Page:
Kerswell V London Borough of Lewisham seems to be an interesting High Court planning case. While this was one that related to planning legislation and not party wall legislation, this did involve an owner’s proposal to enclose upon the side wall of an adjoining building for a proposed 1st-floor terrace.
In this case, planning permission for the proposed terrace was overturned on the basis that the planning officer had failed to consider the effect of noise from vibration transmission through the flank wall via structural connections. Importantly this was not temporary vibrations during construction, but permanent vibrations that would be conducted into the wall through structural connections serving as a conduit.
This is intriguing because had this not been a Party Wall, these structural connections would not have been permitted and would instead have represented a trespass, or conversely had this been a Party Wall, the Party Wall Act gives a statutory right to undertake such work.
Whether the wall was likely to be party is not something that seems to be been given significant consideration. However, this is not to say that Judge Waksman did not recognize that there could be differing rights to use the wall depending on the wall status. In fact, he made reference to it being immaterial as to whether or not loss of amenity through structure-borne noise and vibrations should also be considered in the planning process, saying:
“The fact that here, if the development and roof terrace was to be built as apparently intended, it might be possible, because of party wall rights , or rights to the whole of the side wall which only vest in the claimant, to stop it or change it does not relieve the council of considering matters which go to the whole question of loss of amenity……”
There are those who may be surprised to see this and may have previously taken the view that a Party Wall, being a shared structure, is something that should be subject to much more unfettered rights of use. Perhaps even taking the view that the principles in Kaye V. Lawrence concerning the Party Wall Act supplanting common law rights, should extend as far as to also supplant planning legislation’s ability to deny planning permission for enclosure onto a Party Wall on grounds of vibrations. However, this appears not to be judge’s thought process here, and it is now clear that the statutory right for a Building Owner to form connections into a Party Wall, will not mean that the effects of vibration and associated structural-borne noise on an Adjoining Owner can go unconsidered in the planning process.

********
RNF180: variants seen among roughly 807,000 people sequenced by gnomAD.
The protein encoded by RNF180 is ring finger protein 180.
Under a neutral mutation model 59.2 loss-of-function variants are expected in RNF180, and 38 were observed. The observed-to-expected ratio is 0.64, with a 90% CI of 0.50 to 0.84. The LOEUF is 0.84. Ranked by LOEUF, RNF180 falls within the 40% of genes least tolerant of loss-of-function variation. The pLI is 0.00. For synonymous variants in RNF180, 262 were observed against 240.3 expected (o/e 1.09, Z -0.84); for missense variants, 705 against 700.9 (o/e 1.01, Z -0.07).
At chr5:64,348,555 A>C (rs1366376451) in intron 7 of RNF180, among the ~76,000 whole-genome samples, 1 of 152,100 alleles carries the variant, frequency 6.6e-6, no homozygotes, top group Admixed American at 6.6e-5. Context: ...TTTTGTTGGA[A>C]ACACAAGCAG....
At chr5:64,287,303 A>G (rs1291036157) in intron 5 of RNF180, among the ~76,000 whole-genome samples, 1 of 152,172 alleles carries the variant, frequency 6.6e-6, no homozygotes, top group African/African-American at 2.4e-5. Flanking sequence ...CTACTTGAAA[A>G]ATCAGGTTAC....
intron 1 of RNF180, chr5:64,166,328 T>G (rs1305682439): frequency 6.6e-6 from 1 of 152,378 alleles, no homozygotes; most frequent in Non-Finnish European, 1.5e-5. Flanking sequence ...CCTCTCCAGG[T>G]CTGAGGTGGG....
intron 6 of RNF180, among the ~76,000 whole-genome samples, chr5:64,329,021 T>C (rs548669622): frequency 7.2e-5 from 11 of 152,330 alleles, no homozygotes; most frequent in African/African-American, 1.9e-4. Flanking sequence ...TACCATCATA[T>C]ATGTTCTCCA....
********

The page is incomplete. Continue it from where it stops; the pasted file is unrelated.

It does occur to me that the judgement, in this case, does give additional weight to an Adjoining Owner’s Surveyor looking to question whether structural connections into a Party Wall should be designed to mitigate vibrations. Particularly in circumstances where a Party Wall is not currently enclosed upon. Could this become a catalyst for an increase in requests for additional vibration deadening measures when structural connections are made into a Party Wall? This may indeed be so, or perhaps in extreme circumstances, it is even conceivable that an Adjoining Owner could claim a Party Wall should not be enclosed upon on the grounds of ‘unnecessary inconvenience’ under Section 7(2) of the Act.
Whilst I think it may be unlikely that we will soon see arguments resisting Party Wall enclosure because of ‘unnecessary inconvenience’, this case could be seen to give the issue of vibrations through a party structure a much higher profile. As a result, perhaps there is every chance we may start seeing the issue of noise and vibrations in the ‘as built condition’, as something being given a greater degree of consideration in the Award negotiation process.
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